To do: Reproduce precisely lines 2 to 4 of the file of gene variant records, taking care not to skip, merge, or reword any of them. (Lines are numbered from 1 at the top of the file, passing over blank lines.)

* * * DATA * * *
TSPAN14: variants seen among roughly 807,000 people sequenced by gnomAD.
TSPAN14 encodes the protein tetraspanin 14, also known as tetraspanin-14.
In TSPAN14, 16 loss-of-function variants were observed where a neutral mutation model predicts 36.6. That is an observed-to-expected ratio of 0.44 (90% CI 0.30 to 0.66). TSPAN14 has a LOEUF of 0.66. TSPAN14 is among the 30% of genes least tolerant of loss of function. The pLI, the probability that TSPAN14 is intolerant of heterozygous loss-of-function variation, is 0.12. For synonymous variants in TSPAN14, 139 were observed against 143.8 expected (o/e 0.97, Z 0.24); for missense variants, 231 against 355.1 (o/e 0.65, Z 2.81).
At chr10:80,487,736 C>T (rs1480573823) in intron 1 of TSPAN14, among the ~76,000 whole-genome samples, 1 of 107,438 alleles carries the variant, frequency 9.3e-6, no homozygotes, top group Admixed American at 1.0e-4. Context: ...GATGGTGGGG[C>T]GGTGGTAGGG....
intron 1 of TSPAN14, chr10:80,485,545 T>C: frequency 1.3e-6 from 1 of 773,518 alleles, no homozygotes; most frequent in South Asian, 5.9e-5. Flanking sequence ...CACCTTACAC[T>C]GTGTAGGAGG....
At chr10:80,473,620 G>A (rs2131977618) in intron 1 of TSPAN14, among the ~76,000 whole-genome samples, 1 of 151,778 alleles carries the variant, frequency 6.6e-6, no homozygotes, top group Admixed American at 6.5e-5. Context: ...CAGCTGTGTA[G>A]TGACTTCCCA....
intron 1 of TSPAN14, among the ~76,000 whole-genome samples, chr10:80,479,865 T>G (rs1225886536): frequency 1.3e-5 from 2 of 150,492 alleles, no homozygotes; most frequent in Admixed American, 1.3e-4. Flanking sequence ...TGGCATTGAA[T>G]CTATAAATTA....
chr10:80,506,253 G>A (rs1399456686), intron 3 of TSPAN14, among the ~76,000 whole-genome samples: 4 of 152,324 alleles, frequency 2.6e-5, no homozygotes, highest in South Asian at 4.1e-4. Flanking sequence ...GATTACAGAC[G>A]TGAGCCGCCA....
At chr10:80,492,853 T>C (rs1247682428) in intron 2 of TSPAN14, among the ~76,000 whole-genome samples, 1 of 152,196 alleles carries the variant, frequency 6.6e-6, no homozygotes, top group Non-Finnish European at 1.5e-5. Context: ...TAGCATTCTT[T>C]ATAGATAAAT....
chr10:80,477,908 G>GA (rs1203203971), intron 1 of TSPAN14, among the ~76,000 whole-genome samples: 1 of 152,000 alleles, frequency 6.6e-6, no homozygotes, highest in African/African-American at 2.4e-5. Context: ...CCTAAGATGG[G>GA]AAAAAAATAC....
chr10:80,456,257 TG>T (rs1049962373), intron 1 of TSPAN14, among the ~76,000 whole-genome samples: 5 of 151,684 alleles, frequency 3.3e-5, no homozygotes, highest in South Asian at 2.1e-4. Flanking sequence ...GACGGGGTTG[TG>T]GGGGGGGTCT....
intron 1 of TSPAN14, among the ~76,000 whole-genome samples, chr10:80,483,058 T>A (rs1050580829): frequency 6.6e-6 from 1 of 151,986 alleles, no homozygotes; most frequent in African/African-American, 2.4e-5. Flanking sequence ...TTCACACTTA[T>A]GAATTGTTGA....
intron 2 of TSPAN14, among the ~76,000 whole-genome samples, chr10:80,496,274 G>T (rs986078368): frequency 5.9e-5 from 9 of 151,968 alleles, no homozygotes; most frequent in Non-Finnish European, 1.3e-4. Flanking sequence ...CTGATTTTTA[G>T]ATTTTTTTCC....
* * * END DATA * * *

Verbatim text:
TSPAN14 encodes the protein tetraspanin 14, also known as tetraspanin-14.
In TSPAN14, 16 loss-of-function variants were observed where a neutral mutation model predicts 36.6. That is an observed-to-expected ratio of 0.44 (90% CI 0.30 to 0.66). TSPAN14 has a LOEUF of 0.66. TSPAN14 is among the 30% of genes least tolerant of loss of function. The pLI, the probability that TSPAN14 is intolerant of heterozygous loss-of-function variation, is 0.12. For synonymous variants in TSPAN14, 139 were observed against 143.8 expected (o/e 0.97, Z 0.24); for missense variants, 231 against 355.1 (o/e 0.65, Z 2.81).
At chr10:80,487,736 C>T (rs1480573823) in intron 1 of TSPAN14, among the ~76,000 whole-genome samples, 1 of 107,438 alleles carries the variant, frequency 9.3e-6, no homozygotes, top group Admixed American at 1.0e-4. Context: ...GATGGTGGGG[C>T]GGTGGTAGGG....